Microphone jack
SpeakersTwo 2W Harman speakers with Dolby Audio Premium
WirelessRealtek 8821AE Wireless LAN 802.11ac PCIe
Bluetooth 4.1
CameraFront-facing 720p
Battery45 Whr
Up to 4 hours
Dimensions380 mm x 265 mm x 25.8 mm
14.96 inches x 10.43 inches x 1.01 inches
WeightStarting at 5.3 lbs (2.4 kg)

Maxing the device out with Windows 10 Pro, 2TB HDD, 512GB SSD, 16GB of RAM and a Core i7 brings it to a reasonable $1,619.

Legion Y520 design is mature

The Legion Y520 has a very conservative and mature look, with a touch of pizzazz. With a plastic faux-Kevlar lid all in black, the Legion 520 lacks the tacky flair that so dominates the gaming PC world.

Nonetheless, when you open the Legion Y520, you get a bit of excitement with red accents for the keys, logo, trackpad and power button. It's the equivalent of wearing a button-up shirt but leaving it untucked – it's just enough to say, "I'm still cool."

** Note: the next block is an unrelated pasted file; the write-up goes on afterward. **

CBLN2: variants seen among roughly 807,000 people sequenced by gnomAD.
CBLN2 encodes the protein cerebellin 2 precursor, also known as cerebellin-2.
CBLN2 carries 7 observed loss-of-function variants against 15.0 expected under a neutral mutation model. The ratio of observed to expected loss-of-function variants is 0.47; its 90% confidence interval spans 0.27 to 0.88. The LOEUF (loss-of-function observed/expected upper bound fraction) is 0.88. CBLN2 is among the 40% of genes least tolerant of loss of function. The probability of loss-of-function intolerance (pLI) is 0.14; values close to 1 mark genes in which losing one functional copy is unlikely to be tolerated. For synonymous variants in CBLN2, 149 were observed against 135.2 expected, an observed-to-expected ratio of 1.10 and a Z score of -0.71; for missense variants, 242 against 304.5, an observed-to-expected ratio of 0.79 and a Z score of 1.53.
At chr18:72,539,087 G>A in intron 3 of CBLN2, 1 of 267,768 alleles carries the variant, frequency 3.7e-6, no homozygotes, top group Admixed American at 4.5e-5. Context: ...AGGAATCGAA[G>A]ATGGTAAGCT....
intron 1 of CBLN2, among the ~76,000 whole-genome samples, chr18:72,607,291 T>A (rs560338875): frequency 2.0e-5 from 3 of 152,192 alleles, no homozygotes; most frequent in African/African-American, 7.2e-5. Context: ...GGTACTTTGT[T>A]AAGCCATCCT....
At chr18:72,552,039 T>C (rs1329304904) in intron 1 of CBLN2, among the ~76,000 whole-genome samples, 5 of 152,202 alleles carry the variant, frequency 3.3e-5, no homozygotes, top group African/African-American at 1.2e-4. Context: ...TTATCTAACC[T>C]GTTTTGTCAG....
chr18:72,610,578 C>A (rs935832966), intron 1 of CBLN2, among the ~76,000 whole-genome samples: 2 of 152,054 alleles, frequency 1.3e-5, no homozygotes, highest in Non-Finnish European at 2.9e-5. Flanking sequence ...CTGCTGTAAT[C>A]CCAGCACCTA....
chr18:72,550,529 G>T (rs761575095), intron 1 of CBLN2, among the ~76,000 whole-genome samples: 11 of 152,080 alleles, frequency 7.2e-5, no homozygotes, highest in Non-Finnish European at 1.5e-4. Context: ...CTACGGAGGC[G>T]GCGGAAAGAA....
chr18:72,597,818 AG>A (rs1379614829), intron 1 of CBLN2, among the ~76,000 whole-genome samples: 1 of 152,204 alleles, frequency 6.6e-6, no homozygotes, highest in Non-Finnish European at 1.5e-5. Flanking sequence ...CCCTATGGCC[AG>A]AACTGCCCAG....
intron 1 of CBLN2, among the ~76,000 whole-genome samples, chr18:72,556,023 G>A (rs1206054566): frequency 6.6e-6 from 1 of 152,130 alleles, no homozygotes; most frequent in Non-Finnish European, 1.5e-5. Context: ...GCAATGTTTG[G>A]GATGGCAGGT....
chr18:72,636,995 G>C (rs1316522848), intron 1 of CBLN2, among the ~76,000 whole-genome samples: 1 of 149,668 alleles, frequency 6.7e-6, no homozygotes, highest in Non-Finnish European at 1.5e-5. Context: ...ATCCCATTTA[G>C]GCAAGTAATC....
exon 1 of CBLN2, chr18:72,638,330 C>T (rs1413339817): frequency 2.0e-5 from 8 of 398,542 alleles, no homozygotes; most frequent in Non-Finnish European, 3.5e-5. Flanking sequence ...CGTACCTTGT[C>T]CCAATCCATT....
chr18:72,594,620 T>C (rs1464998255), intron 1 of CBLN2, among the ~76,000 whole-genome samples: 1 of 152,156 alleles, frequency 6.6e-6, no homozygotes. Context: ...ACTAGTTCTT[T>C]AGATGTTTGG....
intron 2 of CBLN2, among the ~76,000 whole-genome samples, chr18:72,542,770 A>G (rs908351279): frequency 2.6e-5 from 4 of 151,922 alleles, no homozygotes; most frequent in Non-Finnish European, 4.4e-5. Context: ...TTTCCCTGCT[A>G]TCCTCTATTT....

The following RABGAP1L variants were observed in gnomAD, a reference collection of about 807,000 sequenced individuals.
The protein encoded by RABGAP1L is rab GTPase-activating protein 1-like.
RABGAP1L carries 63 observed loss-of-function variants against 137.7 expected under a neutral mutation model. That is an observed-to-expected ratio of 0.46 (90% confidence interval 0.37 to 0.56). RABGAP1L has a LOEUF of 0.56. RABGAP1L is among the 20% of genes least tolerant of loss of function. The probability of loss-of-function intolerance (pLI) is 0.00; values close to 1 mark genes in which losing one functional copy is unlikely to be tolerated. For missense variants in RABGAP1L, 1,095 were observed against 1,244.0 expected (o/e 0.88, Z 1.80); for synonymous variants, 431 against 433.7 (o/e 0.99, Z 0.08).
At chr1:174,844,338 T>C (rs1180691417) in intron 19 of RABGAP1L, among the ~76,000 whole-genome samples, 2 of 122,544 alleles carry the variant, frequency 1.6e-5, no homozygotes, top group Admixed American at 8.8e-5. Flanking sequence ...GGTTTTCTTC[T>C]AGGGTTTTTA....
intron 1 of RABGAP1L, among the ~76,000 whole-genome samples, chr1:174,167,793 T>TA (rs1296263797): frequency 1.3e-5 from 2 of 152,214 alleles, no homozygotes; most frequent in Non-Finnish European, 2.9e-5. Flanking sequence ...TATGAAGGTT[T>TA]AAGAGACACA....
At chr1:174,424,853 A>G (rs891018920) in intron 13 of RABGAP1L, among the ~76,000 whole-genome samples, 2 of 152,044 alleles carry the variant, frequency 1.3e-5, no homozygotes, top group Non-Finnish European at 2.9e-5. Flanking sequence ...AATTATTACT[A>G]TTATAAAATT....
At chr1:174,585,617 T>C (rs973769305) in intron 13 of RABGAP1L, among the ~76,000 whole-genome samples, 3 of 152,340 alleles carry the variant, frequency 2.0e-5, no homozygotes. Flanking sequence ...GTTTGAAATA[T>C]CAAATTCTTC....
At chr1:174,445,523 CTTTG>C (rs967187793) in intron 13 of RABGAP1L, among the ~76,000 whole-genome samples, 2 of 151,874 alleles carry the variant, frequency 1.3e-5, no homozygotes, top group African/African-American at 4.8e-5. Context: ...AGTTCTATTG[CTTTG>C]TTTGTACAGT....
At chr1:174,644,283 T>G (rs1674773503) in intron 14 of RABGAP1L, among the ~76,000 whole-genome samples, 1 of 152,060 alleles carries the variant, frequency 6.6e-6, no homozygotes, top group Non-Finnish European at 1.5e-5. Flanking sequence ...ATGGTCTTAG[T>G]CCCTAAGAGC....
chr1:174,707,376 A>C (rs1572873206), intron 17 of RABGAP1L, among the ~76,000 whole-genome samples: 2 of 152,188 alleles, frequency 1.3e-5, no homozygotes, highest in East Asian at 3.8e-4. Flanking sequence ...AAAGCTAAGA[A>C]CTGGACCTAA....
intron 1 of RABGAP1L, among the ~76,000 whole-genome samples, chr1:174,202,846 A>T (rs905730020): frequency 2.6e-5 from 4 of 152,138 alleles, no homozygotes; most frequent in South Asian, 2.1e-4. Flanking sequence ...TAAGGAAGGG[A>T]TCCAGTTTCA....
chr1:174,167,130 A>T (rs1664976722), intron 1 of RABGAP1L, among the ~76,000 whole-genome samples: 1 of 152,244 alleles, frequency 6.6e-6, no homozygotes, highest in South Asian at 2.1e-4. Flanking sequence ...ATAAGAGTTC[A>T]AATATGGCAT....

I like the look. A lot. I could deal without the angular point on the top of the display, but Lenovo likely wanted some personality instead of making the Y520 just a black rectangle.

Lenovo added some aggressive venting in the back, but it's muted compared to some competitors. Even better, I like seeing the copper from the heat dissipation system.

The bottom is also quite clean with symmetrical intake vents and an angular cut.

Build quality is solid, with no creaking or loose parts.